Some books you read just click with you and your psyche. Others take time, and persistence, to grasp and understand. Still others you grapple with and wrestle with and sometimes force yourself to read, but you never really believe the story. And then there are those you begin to read and discover they’re lousy.
I fell in love with The Buried Giant by Kazuo Ishiguro almost from the first page.
He’s the author of several novels and others works, but I had only previously read the novel Never Let Me Go and Nocturnes: Five Stories of Music and Nightfall (I reviewed Nocturnes here in 2011). I have not read what is his best known work, The Remains of the Day, but I did see the movie, starring Anthony Hopkins and Emma Thompson (1993).
But The Buried Giant is something else entirely, a story of post-Arthurian Britain that is an unusual love story, a journey to find a son, a tale of intrigue and conspiracy, and ultimately a beautifully done essay on memory.
Axl and his wife Beatrice are elderly Britons, living what is inside a hollowed-out hill in community with other Britons. The Romans abandoned the country many years before, but locals still find their ruined country houses and other buildings. One wave of Saxons has arrived, and peace, if uneasy, exists between the Saxons and the Britons.
The couple can remember they had a son, but not much more than that. In fact, everyone’s memory seems to suffer, and it’s not a result of age for memory loss afflicts the young as well. Eventually Axl and Beatrice leave their community to find their son.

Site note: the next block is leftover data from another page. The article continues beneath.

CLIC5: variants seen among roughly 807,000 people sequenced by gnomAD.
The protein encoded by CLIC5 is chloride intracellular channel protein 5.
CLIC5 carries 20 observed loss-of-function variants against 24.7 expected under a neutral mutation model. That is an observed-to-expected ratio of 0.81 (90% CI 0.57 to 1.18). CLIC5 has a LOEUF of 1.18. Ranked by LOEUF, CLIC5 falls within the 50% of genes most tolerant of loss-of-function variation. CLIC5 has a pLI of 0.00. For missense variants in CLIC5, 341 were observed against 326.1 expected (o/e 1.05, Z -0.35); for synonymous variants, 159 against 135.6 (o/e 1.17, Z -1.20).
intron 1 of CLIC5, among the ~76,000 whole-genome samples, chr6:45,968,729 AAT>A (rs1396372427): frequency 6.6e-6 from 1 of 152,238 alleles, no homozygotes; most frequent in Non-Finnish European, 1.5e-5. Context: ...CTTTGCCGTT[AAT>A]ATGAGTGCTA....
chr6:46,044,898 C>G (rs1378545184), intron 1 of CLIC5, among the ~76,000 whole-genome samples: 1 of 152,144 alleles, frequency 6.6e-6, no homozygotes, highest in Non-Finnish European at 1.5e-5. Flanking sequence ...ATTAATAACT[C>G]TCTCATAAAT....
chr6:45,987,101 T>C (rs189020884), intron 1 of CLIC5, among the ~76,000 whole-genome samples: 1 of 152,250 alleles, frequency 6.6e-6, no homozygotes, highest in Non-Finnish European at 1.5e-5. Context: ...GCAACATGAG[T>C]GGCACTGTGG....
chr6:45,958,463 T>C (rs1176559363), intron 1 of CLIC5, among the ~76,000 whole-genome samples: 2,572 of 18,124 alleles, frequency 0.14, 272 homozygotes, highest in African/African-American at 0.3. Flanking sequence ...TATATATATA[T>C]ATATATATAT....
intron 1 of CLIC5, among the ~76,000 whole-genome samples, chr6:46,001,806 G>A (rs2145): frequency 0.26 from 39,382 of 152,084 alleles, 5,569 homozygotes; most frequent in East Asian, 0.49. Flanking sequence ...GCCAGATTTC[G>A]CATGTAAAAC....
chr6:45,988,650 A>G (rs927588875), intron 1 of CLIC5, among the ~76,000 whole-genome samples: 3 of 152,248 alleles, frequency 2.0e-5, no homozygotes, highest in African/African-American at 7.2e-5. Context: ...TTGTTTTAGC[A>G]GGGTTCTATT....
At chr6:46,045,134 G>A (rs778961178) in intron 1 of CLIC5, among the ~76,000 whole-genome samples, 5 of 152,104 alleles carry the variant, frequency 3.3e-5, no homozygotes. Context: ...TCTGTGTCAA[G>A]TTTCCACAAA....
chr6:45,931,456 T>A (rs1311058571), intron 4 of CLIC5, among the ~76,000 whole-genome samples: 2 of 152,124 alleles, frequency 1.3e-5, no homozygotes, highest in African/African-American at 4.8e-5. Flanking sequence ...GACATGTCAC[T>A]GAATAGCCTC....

They first stop in a Saxon village, and find the villagers in great agitation. An ogre has carried off a village boy of 12 named Edwin. He’s rescued by a visiting warrior named Wistan, but the villagers discover the buy has a bite mark on his stomach, and it is not the mark of the ogre. To save the boy’s life from his own village, Wistan convinces Axl and Beatrice to take the boy with them, and Wistan joins them as well. Wistan is something of a mystery, on a quest for something he doesn’t disclose.
Along the way they encounter an aging Sir Gawain, he of Arthur’s Roundtable; they take refuge in a monastery where they find friends and enemies. They gradually learn what is causing the problem with people’s memories. And, yes, there’s even a dragon.
The relationship of Axl and Beatrice are the heart of the story, and the reason the novel hooked me from the beginning. Their love for each other is palpable; Axl refers to his wife as “Princess.” They are on a journey together, and as time passes they are remembering things about each other, not all of them good. But their love is steadfast, and of all the things “the buried giant” could refer to, I finally decided it was the love between this aging and sometimes infirm couple.
It’s a beautiful story, filled with a bit of both literal and figurative magic (Merlin hasn’t been gone that long, after all). In a culture where everything is changing – the last vestiges of Roman rule disappearing, the threat of more Saxons and other tribes coming, the breakdown of law and order before the rise of feudalism, it is the love of two elderly people that holds fast.
Top photograph: An early 7th-century Anglo-Saxon helmet from the burial ship found at Sutton Hoo.